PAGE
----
John Cusack is a would-be boyfriend in multiplexes this month in Must Love Dogs. Anyone who wants to keep up with him as he guides a tour of Chicago must love riding a bike.

The guy on the bike is famous, but he's not right now. Zipping up and down the skyscraper streets, along the famous lakeshore, and through the heady arts, restaurant, and nightclub districts of Chicago, he's no longer best identified as John Cusack, one of the most venerable actors of his generation. Returning to the city where he grew up, Cusack reverts to the role he loves most. He becomes just another Chicagoan, another guy on a bike in awe of the city sprawling beneath his pumping feet.

"Chicago is the best-kept secret in America, in a weird way," he says. "It's an international city, and you have all the great ­architecture and all the stuff that any major international city would have. But it still has a great, down-home, down-to-earth, almost no-nonsense sensibility. They don't suffer fools well."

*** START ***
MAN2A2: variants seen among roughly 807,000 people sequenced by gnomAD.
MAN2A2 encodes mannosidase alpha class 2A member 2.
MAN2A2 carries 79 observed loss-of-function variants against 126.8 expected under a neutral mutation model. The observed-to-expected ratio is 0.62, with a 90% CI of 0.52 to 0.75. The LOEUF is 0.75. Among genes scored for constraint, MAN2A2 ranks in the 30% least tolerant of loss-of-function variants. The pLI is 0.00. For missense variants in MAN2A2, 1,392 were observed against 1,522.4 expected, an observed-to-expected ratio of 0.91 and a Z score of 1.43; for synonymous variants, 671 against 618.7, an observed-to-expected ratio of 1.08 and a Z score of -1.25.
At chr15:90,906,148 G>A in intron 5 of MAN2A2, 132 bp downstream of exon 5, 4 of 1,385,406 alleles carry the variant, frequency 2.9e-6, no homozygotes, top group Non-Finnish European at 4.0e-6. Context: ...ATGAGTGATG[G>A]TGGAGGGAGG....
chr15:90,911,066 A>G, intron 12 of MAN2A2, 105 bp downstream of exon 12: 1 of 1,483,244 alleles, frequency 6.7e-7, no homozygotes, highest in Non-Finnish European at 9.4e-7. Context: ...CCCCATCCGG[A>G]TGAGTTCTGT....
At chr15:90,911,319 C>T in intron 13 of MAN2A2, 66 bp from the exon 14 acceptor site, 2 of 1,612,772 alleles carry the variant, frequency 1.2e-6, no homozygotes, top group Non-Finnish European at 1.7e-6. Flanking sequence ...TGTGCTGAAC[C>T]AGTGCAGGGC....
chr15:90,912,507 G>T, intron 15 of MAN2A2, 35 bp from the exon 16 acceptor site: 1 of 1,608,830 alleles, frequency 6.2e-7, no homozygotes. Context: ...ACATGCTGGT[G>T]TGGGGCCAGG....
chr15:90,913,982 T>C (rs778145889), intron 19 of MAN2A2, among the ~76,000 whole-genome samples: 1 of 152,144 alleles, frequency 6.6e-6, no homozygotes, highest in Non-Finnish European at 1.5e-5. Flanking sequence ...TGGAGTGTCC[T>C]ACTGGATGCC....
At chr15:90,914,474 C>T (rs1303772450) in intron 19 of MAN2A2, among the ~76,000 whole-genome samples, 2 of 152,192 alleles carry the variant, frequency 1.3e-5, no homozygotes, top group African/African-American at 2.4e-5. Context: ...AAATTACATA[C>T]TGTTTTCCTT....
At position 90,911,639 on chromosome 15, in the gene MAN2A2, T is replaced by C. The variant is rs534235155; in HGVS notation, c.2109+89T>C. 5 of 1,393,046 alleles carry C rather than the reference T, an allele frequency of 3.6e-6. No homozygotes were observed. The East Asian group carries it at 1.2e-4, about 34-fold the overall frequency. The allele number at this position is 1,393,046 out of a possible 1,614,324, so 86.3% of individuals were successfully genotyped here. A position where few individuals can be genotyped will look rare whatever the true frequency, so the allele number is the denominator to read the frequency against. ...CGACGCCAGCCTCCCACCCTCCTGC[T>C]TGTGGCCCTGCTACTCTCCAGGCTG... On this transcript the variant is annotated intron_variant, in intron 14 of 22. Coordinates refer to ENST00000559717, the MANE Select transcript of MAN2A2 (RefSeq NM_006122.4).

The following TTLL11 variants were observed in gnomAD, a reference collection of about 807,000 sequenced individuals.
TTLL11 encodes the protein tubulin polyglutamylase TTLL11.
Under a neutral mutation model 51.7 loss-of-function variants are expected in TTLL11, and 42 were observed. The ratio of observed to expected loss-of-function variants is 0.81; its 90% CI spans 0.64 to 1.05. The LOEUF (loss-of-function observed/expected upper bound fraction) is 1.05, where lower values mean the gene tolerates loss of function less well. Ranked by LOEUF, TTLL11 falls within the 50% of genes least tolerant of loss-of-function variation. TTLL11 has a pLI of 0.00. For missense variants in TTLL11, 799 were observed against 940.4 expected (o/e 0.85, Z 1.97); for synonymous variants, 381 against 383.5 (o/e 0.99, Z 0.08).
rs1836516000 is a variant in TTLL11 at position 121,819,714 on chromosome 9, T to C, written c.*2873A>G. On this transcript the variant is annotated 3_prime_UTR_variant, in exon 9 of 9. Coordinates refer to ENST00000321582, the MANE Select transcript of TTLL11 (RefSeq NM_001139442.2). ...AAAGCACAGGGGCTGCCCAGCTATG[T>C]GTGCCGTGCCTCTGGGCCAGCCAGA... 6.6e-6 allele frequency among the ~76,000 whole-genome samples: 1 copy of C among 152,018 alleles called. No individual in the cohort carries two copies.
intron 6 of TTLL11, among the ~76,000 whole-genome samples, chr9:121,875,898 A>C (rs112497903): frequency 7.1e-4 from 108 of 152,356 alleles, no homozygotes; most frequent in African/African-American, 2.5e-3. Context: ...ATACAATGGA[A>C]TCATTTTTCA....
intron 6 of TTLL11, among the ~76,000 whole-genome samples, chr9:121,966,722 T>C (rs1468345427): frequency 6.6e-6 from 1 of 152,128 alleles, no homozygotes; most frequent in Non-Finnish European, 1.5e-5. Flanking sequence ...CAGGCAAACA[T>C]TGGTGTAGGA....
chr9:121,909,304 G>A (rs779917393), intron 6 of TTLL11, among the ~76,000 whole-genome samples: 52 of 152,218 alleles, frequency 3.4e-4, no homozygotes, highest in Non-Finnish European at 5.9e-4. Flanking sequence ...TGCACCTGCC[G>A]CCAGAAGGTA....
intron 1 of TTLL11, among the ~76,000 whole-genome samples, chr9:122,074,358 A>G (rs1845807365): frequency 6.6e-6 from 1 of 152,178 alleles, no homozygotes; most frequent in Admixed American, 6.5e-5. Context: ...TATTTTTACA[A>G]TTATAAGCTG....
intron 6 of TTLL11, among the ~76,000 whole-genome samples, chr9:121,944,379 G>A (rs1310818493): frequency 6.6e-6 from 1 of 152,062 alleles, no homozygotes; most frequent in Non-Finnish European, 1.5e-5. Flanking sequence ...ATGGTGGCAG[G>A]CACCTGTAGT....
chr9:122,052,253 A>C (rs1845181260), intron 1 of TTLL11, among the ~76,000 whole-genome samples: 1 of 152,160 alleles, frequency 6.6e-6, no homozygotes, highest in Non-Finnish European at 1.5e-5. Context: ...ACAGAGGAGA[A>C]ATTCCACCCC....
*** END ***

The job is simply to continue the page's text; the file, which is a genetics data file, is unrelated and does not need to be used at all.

Which is why Cusack's favorite way to see Chicago is not from some stupid sports car or silly limousine but from the seat of a bike. And even though America's third-largest city stretches across 229 square miles, Cusack insists that the heart of the city is easily navigated.

"It's a great city for biking around," he says, rattling off streets, sites, secret places. "I do it on a little half mountain, half electric bike called the Wavecrest."

So, with the wind in his hair and his grip on the handlebars of his Tidalforce Spike bike from Wavecrest, Cusack takes us on a tour of his hometown, the City of Big Shoulders, the Windy City, Frank Sinatra's kind of town.

Cusack is calling from a hotel in Los Angeles in the middle of a daylong studio promotion for Must Love Dogs, the romantic comedy in which he stars this month with Diane Lane and Dermot Mulroney. He says he's had a very long day, filled with one interview after another, with photo sessions interspersed.

"So, we're going to talk about Chicago," I say, and I can hear him brighten.

"Hit me," says Cusack.